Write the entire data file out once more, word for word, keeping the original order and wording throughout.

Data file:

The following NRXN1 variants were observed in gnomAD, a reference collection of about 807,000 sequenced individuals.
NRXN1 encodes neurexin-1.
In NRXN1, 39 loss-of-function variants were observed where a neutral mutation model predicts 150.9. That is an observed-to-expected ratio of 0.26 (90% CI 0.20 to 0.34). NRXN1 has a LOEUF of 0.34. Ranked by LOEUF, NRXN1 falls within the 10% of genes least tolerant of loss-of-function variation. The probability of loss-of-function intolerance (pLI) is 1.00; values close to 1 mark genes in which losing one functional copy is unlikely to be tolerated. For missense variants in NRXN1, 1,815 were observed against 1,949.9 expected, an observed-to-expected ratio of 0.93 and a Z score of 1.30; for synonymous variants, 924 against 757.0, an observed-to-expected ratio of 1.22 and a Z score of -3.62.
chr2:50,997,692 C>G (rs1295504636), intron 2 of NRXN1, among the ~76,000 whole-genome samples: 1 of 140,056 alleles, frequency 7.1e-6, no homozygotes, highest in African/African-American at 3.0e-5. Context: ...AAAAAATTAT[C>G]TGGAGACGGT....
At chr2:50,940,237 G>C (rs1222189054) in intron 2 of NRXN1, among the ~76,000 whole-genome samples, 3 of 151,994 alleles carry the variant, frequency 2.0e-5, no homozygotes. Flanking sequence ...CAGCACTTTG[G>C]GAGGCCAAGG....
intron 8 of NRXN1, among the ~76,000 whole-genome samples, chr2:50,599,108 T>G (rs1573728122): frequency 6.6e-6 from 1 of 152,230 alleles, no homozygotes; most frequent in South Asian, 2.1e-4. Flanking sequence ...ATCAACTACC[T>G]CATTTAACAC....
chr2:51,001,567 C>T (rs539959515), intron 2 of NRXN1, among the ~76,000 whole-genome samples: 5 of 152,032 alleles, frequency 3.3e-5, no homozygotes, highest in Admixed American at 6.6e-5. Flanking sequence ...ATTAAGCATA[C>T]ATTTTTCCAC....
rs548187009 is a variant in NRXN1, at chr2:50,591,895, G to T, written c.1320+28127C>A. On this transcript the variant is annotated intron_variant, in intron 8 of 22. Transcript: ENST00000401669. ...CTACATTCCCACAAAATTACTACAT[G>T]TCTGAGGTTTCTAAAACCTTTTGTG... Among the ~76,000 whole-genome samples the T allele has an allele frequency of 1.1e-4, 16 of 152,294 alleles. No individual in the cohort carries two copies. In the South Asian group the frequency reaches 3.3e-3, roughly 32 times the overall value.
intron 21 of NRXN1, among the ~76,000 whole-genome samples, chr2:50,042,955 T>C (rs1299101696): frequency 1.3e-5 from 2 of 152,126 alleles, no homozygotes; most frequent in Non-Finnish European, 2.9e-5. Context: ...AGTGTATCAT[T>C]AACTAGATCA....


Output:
The following NRXN1 variants were observed in gnomAD, a reference collection of about 807,000 sequenced individuals.
NRXN1 encodes neurexin-1.
In NRXN1, 39 loss-of-function variants were observed where a neutral mutation model predicts 150.9. That is an observed-to-expected ratio of 0.26 (90% CI 0.20 to 0.34). NRXN1 has a LOEUF of 0.34. Ranked by LOEUF, NRXN1 falls within the 10% of genes least tolerant of loss-of-function variation. The probability of loss-of-function intolerance (pLI) is 1.00; values close to 1 mark genes in which losing one functional copy is unlikely to be tolerated. For missense variants in NRXN1, 1,815 were observed against 1,949.9 expected, an observed-to-expected ratio of 0.93 and a Z score of 1.30; for synonymous variants, 924 against 757.0, an observed-to-expected ratio of 1.22 and a Z score of -3.62.
chr2:50,997,692 C>G (rs1295504636), intron 2 of NRXN1, among the ~76,000 whole-genome samples: 1 of 140,056 alleles, frequency 7.1e-6, no homozygotes, highest in African/African-American at 3.0e-5. Context: ...AAAAAATTAT[C>G]TGGAGACGGT....
At chr2:50,940,237 G>C (rs1222189054) in intron 2 of NRXN1, among the ~76,000 whole-genome samples, 3 of 151,994 alleles carry the variant, frequency 2.0e-5, no homozygotes. Flanking sequence ...CAGCACTTTG[G>C]GAGGCCAAGG....
intron 8 of NRXN1, among the ~76,000 whole-genome samples, chr2:50,599,108 T>G (rs1573728122): frequency 6.6e-6 from 1 of 152,230 alleles, no homozygotes; most frequent in South Asian, 2.1e-4. Flanking sequence ...ATCAACTACC[T>G]CATTTAACAC....
chr2:51,001,567 C>T (rs539959515), intron 2 of NRXN1, among the ~76,000 whole-genome samples: 5 of 152,032 alleles, frequency 3.3e-5, no homozygotes, highest in Admixed American at 6.6e-5. Flanking sequence ...ATTAAGCATA[C>T]ATTTTTCCAC....
rs548187009 is a variant in NRXN1, at chr2:50,591,895, G to T, written c.1320+28127C>A. On this transcript the variant is annotated intron_variant, in intron 8 of 22. Transcript: ENST00000401669. ...CTACATTCCCACAAAATTACTACAT[G>T]TCTGAGGTTTCTAAAACCTTTTGTG... Among the ~76,000 whole-genome samples the T allele has an allele frequency of 1.1e-4, 16 of 152,294 alleles. No individual in the cohort carries two copies. In the South Asian group the frequency reaches 3.3e-3, roughly 32 times the overall value.
intron 21 of NRXN1, among the ~76,000 whole-genome samples, chr2:50,042,955 T>C (rs1299101696): frequency 1.3e-5 from 2 of 152,126 alleles, no homozygotes; most frequent in Non-Finnish European, 2.9e-5. Context: ...AGTGTATCAT[T>C]AACTAGATCA....